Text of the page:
Texas Chainsaw Massacre is an incredibly violent, richly layered love letter of slasher sequel, elevated by its unorthodox nature and stellar performances.
The Texas Chainsaw Massacre story began in 1974, when a group of youths encountered Leatherface and his family, The Sawyers. The murderous, cannibalistic family “massacred” all of those pour souls but one, namely Sally Hardesty. Fans who have not seen the original classic can rest easy, because this recap is swiftly presented in the film’s opening, gloriously narrated by John Larroquette, narrator of the first film and the 2003 reboot.
What Larroquette doesn’t tell the audience is a brief history of the “slasher” subgenre of horror, a history that greatly enriches this film, particularly in the third act.
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Most film historians and slasher fans would argue that while Alfred Hitchcock’s Psycho, along with Italian Giallo films of the 1970’s, laid the groundwork for the subgenre, it was really 1978’s Halloween that started the film movement. While there is some credibility to this argument (Jason is arguably a clone of Michael Myers, Laurie Strode created the prudish final girl as victim-turned hero, etc.), it also overlooks essential horror films like The Town That Dreaded Sundown and more importantly, The Texas Chainsaw Massacre, which I would argue should be conclusively identified as early slasher films.
The primary difference between Laurie Strode and Sally Hardesty is that Laurie turns the table on Michael, both in the original film and sequels/reboots like H20, Rob Zombie’s Halloween, and Halloween (2018). She is a victim and a survivor, but she becomes hardened by her experience and fights back against the oppressor. Sally’s story ends in the first film with her lucky escape, achieved through endurance as opposed to returned violence. She was never seen again in the franchise until David Blue Garcia’s new film, Texas Chainsaw Massacre (2022).
One of the most entertaining and incredible elements of this new installment is Olwen Foueres as Sally Hardesty. Marilyn Burns, who first played Sally, passed away in 2014. Foueres brings the character back with a vengeance, literally and figuratively. She has lived a somewhat reclusive life since escaping Leather in 1974, searching for her friend’s killer without success for the past few decades.
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When the rage of Leatherface is unleashed once more, incurred through the unfair and untimely passing of his adoptive mother, Sally is drawn back into the fray. Admittedly, she takes her sweet time getting there, only arriving in Harlow after the delightfully brutal (and already infamous) party bus sequence occurs. Lila (Elsie Fisher) and Melody (Sarah Yarkin), the two sister protagonists and would-be final girls, hop into the back of Sally’s van, hoping for an escape from the nightmarish bloodshed.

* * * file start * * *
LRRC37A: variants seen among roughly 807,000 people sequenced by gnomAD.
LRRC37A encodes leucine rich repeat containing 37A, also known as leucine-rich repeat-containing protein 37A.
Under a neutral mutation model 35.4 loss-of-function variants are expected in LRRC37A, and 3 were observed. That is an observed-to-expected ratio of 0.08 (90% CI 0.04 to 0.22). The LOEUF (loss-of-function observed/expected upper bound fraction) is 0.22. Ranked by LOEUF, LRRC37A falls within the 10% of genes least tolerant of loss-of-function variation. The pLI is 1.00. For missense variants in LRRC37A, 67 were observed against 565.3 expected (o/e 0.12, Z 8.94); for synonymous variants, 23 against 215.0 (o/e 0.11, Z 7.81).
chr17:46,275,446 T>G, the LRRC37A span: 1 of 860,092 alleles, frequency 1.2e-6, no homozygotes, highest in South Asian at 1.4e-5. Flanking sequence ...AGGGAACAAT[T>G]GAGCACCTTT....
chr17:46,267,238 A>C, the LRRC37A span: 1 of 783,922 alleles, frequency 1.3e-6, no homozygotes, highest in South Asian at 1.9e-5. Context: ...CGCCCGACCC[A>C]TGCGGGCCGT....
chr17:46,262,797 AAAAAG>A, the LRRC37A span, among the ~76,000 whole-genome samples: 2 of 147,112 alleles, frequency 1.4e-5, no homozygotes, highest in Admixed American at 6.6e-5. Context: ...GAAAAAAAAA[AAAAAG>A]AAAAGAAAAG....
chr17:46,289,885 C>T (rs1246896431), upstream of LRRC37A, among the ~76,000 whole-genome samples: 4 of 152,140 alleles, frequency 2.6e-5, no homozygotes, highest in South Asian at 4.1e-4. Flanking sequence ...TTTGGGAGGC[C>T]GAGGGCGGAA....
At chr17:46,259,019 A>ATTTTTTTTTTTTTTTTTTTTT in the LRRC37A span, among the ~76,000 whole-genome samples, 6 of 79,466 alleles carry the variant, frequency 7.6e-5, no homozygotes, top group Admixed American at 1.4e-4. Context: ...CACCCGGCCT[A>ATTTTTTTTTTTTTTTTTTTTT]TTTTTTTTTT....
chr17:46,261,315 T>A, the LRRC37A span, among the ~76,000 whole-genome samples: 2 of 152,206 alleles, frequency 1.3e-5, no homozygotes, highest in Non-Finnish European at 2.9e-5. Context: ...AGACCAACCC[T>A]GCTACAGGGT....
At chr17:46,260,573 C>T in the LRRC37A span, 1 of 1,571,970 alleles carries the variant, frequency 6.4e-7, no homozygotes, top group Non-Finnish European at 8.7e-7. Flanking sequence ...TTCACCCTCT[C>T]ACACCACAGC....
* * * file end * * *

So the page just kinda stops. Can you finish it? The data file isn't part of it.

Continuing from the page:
But Sally isn’t interested in fleeing without a fight, and so she locks them in her car and confronts Leatherface for the first time in almost 50 years. She recites the names of the friends he took, and tells him to “say my name”. But Leatherface doesn’t recognize her. He doesn’t care about her. He just wants revenge on those who took his mother from him. Their connection only exists in Sally’s mind, and this realization momentarily breaks Hardesty.
But she soon recovers from the shock and despair and comes after Leather with her shotgun. During their rematch, Sally is thrown violently through the air and into a pile of trash, discarded by Leatherface just like she was by slasher fans, and the Texas Chainsaw franchise itself.
The entire film is layered with rich symbolism that ties this requel to the roots of the franchise and the horror genre itself. From Leatherface’s relationship with gender and the matriarchy, to the reinstatement of Sally as slasher’s first final girl, to the casting of John Larroquette and Mark Burnham (who looks and acts shockingly similar to Gunnar Hansen, the first Leatherface), Texas Chainsaw Massacre is brimming with passion, callbacks and reinterpretations of old themes.
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Not only does this film evolve Sally Hardesty into the victim turned hero/ she was always meant to be, it introduces two amazing new leading women to the Chainsaw franchise. Lila is a snarky but good-hearted kid who survived through a school shooting and is trying to navigate life afterwards with her big sister. Melody is a bold entrepreneur who cares deeply about not only her sister, but the people of Harlow, new and old. These are two of the best final girls to come out of the new golden age of slasher cinema.
Furthermore, the simple decision to make two sisters the leads adds a great deal of suspense and tension to the film. You’re constantly trying to figure out who the last one standing one will be, making them both more expendable and consequently raising the stakes.
There’s so much about the new Texas Chainsaw Massacre that works wonderfully, and very little that doesn’t. Sure, one character probably shouldn’t be so mobile and active after sustaining an intense leg injury, and yes, multiple characters foolishly decide not to warn the others about the incoming threat of Leatherface. This film isn’t immune to the occasional pitfall of the slasher genre, but it doesn’t take itself so seriously that these flaws come across as anything more than minor nuisances. Chainsaw has successfully blended horror and comedy since Tobe Hooper’s The Texas Chainsaw Massacre Part 2, and that tradition is continued by Garcia and Fede Alvarez today.
There’s a reason that Texas Chainsaw Massacre is currently one of top films streaming on Netflix. Don’t miss out on this incredible new slasher film from Legendary Pictures.
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